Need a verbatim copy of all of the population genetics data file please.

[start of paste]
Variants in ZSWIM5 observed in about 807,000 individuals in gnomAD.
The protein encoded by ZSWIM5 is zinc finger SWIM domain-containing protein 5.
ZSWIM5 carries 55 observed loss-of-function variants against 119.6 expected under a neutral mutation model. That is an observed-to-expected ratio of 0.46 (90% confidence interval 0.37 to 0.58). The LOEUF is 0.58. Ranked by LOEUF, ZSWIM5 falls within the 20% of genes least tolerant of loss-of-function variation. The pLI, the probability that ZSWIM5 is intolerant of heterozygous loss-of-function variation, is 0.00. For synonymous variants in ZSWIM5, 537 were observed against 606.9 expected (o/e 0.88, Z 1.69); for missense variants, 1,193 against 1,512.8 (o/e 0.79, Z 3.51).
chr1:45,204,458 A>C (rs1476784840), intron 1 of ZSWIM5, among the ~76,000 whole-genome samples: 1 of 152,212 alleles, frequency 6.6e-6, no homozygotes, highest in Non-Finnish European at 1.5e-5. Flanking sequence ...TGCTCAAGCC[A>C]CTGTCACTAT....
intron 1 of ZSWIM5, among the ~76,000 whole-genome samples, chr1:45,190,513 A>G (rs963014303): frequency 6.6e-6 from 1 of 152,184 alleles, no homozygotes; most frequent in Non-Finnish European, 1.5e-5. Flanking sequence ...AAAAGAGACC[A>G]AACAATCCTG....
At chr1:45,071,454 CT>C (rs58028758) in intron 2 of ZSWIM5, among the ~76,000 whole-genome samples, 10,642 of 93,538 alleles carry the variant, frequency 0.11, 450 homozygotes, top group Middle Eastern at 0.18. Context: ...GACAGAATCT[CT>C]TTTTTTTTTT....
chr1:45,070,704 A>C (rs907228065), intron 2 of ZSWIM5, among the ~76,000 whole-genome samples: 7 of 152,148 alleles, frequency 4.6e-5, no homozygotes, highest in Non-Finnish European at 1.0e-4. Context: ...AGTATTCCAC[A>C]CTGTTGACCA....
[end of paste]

Variants in ZSWIM5 observed in about 807,000 individuals in gnomAD.
The protein encoded by ZSWIM5 is zinc finger SWIM domain-containing protein 5.
ZSWIM5 carries 55 observed loss-of-function variants against 119.6 expected under a neutral mutation model. That is an observed-to-expected ratio of 0.46 (90% confidence interval 0.37 to 0.58). The LOEUF is 0.58. Ranked by LOEUF, ZSWIM5 falls within the 20% of genes least tolerant of loss-of-function variation. The pLI, the probability that ZSWIM5 is intolerant of heterozygous loss-of-function variation, is 0.00. For synonymous variants in ZSWIM5, 537 were observed against 606.9 expected (o/e 0.88, Z 1.69); for missense variants, 1,193 against 1,512.8 (o/e 0.79, Z 3.51).
chr1:45,204,458 A>C (rs1476784840), intron 1 of ZSWIM5, among the ~76,000 whole-genome samples: 1 of 152,212 alleles, frequency 6.6e-6, no homozygotes, highest in Non-Finnish European at 1.5e-5. Flanking sequence ...TGCTCAAGCC[A>C]CTGTCACTAT....
intron 1 of ZSWIM5, among the ~76,000 whole-genome samples, chr1:45,190,513 A>G (rs963014303): frequency 6.6e-6 from 1 of 152,184 alleles, no homozygotes; most frequent in Non-Finnish European, 1.5e-5. Flanking sequence ...AAAAGAGACC[A>G]AACAATCCTG....
At chr1:45,071,454 CT>C (rs58028758) in intron 2 of ZSWIM5, among the ~76,000 whole-genome samples, 10,642 of 93,538 alleles carry the variant, frequency 0.11, 450 homozygotes, top group Middle Eastern at 0.18. Context: ...GACAGAATCT[CT>C]TTTTTTTTTT....
chr1:45,070,704 A>C (rs907228065), intron 2 of ZSWIM5, among the ~76,000 whole-genome samples: 7 of 152,148 alleles, frequency 4.6e-5, no homozygotes, highest in Non-Finnish European at 1.0e-4. Context: ...AGTATTCCAC[A>C]CTGTTGACCA....